Before I saw it, I had little idea what it was about, even when I consulted IMDb. I'm not sure I could describe everything about the movie perfectly, especially without spoilers, but here goes.
Anthony LaPaglia, with his usual gravitas, plays Chicago Architect Leo Waters. Leo's family life is far from perfect, with son Martin recently leaving school, daughter Christina struggling to balance her sexuality and innocence, and wife Julia on the verge of snapping with a compulsion for cleanliness.
Meanwhile, Tonya Neeley (Viola Davis) is a community activist who lives in one of Leo's creations, a public housing project on Chicago's south side. She is attempting to get the projects torn down in a struggle to find meaning after her son dies. Her daughter is living with more affluent friends and Viola is forced to deal with the gangs and sense of emptiness surrounding the site. She attempts to enlist Leo to help her get the project demolished.
If I wanted to be pretentious, I'd suggest the symbolism between the decaying housing complex the meticulous Leo arrogantly refuses to even visit, and his decaying family life. In any case, this movie brought to mind several other movies about struggling families in this vein: The Ice Storm, American Beauty, and The Virgin Suicides. Fans of those films will probably enjoy this little film, even without any publicity to support it. Great acting all around.
A black woman lives there with her unwed-mother daughter. Her other daughter is an honor student and lives elsewhere. The woman heads up a group to destroy the project. Her 5-year-old son was depressed and stepped off a building to his death years earlier. The honor student comes to visit; mom gives her some homemade cake; the daughter throws it away later.
The architect's son comes home from college, makes some comments about his sisters sn*tch (his word) and his dad's lechery; then he goes to the project where he meets a gay black kid. They flirt; the son is repelled; but he gets some beer and comes back; they walk around the project at night through gang members selling drugs. The gang members don't taunt them. After much dialogue about gay things, they have (explicit) sex on a rooftop.
The 15-year-old daughter is beautiful, has a nice body, seems stable. But she's depressed because she has to go to the mall with her parents. Maybe she also has too many clothes or shoes. Or her breasts are too big.
She lies that she's in college, goes to a bar, gets picked up, gets scared, is saved by a ~35-year-old delivery guy; they ride around all night in the delivery truck, she comes on to him, he says no and takes her home.
The architect's wife is depressed - her BMW is too new, her custom house too clean and neat, her maid too careful, she has too much money - it's hard to tell. She starts breaking flower pots in the back yard at night and stares into space. The architect puts cigarette ashes on a saucer; she breaks the saucer; he gives her a neck rub; she asks for a divorce.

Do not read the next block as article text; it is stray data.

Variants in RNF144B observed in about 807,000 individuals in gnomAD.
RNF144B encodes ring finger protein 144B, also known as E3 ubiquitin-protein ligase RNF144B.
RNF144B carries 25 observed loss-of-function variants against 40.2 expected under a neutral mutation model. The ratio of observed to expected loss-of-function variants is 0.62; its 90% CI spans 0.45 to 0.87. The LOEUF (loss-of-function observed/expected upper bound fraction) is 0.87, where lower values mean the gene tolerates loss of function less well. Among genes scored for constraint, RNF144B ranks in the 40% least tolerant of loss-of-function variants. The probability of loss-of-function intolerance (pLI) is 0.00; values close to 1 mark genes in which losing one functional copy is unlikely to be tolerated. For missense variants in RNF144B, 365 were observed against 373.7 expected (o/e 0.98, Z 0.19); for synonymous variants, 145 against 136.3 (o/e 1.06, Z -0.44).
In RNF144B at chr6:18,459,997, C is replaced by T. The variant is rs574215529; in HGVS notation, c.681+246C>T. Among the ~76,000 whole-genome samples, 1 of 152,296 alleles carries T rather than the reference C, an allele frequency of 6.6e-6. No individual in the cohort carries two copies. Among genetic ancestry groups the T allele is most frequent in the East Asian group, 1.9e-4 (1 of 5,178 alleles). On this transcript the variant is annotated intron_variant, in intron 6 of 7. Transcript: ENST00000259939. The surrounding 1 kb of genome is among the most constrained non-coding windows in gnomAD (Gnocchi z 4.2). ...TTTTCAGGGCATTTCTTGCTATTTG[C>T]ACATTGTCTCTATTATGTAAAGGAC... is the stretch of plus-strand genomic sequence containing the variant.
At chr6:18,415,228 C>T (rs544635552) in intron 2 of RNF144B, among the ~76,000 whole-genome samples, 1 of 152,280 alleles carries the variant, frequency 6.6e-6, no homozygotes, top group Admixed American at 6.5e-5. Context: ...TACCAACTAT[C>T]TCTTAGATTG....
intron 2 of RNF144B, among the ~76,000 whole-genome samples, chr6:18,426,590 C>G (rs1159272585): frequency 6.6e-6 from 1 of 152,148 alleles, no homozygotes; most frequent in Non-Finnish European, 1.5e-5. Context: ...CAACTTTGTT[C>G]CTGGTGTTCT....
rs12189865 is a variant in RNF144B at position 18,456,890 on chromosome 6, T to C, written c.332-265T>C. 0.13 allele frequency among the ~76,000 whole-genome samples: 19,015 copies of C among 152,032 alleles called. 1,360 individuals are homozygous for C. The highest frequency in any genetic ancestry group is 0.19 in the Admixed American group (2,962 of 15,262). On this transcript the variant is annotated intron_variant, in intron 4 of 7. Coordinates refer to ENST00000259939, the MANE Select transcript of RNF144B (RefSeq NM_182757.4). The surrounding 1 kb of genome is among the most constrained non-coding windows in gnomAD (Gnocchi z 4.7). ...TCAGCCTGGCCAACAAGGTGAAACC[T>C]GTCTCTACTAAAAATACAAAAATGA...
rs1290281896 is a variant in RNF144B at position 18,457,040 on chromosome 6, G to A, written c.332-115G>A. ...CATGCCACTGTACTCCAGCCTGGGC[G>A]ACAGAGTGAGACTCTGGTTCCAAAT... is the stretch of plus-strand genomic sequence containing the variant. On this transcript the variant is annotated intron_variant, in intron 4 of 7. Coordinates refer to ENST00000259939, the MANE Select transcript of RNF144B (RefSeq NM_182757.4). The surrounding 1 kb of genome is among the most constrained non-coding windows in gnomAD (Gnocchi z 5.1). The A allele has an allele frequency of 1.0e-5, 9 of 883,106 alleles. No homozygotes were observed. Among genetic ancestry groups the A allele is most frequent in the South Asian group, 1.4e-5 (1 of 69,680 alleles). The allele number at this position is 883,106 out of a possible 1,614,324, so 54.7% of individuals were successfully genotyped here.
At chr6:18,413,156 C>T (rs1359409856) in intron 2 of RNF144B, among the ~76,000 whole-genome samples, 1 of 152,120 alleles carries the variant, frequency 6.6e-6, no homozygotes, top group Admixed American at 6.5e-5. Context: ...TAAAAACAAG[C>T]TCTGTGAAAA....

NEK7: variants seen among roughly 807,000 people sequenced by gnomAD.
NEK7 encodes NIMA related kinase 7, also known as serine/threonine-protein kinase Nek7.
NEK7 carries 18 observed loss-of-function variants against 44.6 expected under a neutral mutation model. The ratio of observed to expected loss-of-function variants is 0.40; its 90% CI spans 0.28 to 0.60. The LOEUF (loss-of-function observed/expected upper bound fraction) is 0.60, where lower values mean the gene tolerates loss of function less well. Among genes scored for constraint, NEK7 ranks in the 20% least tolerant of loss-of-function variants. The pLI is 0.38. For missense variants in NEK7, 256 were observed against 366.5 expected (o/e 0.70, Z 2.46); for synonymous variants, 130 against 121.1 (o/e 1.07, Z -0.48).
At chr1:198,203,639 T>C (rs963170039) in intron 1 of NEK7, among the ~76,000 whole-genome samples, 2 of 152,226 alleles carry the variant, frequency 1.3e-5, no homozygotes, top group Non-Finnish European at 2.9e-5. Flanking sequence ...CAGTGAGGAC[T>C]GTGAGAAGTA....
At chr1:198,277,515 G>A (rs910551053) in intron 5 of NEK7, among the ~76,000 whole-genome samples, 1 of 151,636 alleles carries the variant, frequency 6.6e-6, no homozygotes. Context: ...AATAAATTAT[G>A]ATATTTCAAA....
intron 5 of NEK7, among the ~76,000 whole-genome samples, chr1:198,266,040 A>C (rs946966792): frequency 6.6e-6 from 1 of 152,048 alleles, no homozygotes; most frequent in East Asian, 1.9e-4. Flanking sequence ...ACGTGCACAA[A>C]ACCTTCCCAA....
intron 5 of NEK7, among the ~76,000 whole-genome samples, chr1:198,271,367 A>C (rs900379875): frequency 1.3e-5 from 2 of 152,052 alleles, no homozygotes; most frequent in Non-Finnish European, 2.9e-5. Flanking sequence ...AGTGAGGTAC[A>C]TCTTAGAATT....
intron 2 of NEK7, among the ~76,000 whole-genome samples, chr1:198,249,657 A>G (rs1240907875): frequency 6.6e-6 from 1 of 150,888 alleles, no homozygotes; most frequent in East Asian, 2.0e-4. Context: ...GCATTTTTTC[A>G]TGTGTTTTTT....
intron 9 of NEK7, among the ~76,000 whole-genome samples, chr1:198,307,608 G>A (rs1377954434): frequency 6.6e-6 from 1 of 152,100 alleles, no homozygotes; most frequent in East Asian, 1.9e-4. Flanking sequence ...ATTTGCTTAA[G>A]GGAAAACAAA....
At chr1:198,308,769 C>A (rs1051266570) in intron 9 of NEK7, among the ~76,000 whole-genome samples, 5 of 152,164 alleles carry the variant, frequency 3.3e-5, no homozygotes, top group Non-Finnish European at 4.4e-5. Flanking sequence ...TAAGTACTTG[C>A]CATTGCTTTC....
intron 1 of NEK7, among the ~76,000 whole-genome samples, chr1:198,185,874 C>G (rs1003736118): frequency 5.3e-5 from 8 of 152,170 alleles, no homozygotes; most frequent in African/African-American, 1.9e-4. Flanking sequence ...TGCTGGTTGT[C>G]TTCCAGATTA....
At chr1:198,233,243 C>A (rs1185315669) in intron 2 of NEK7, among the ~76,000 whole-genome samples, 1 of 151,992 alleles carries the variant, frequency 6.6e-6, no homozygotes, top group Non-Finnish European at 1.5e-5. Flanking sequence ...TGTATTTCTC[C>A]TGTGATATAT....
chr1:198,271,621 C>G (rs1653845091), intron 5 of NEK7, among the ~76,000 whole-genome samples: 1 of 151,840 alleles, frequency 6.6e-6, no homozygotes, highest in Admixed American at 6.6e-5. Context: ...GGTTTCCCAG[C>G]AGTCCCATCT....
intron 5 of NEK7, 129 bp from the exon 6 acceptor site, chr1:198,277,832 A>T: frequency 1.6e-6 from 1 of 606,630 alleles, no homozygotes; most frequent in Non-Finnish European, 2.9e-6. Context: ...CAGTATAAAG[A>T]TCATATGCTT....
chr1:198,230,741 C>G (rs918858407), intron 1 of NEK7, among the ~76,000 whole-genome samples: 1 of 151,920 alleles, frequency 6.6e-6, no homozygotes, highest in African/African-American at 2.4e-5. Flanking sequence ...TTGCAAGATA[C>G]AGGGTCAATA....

The black kid steps off the roof - perhaps he didn't realize that being gay meant being gay? The son goes out to the project. The architect goes out for a different reason. None of the gang members bother them, even though they've been threatening others. They meet on the rooftop.
The whole concept of an architect of some buildings being responsible for how the people there act later was also very weak.
All of the characters are unlikeable except the daughter, who is also a very depressing character as well. As we join them, all is lost emotionally for everyone, and we are never really told why. The characters just do not come across as being real, no one is that totally depressed and without some joy or some positivity in life whatsoever.
Stupid movie, Crash was ten times better than this useless movie.
Based on a stage play by David Grieg, the story draws together the main theme of Leo Waters, played with nuance and emotional subtlety by Anthony Paglia, the architect and his design of a building project several years ago and his subsequent disconnection from it, reflected in the disconnection from his wife, Julia (Isabella Rosellini) who is completely underused, and his children.
The film begins with Leo's son, Martin, dropping out from college. Martin is troubled, furtive and secretive.
Viola Davis is the activist in the projects, eager to tear down the buildings and get the area cleaned up who butts heads with Leo.
Hayden Panatierre plays the teenage daughter just coming into her own sexuality and experimenting in bars and stranger hookups unbeknownst to her parents. An excellent performance.
How all these threads come together, and in some cases come apart, is the heart of the movie. The audience is expected to think and draw their own conclusions and the ending is very satisfying, an emotional confrontation between a father and son.
The cast are flawless as is the script and the quick incisive simultaneous snapshots of different scenes move the story arc forward.
8 out of 10. Not to be missed.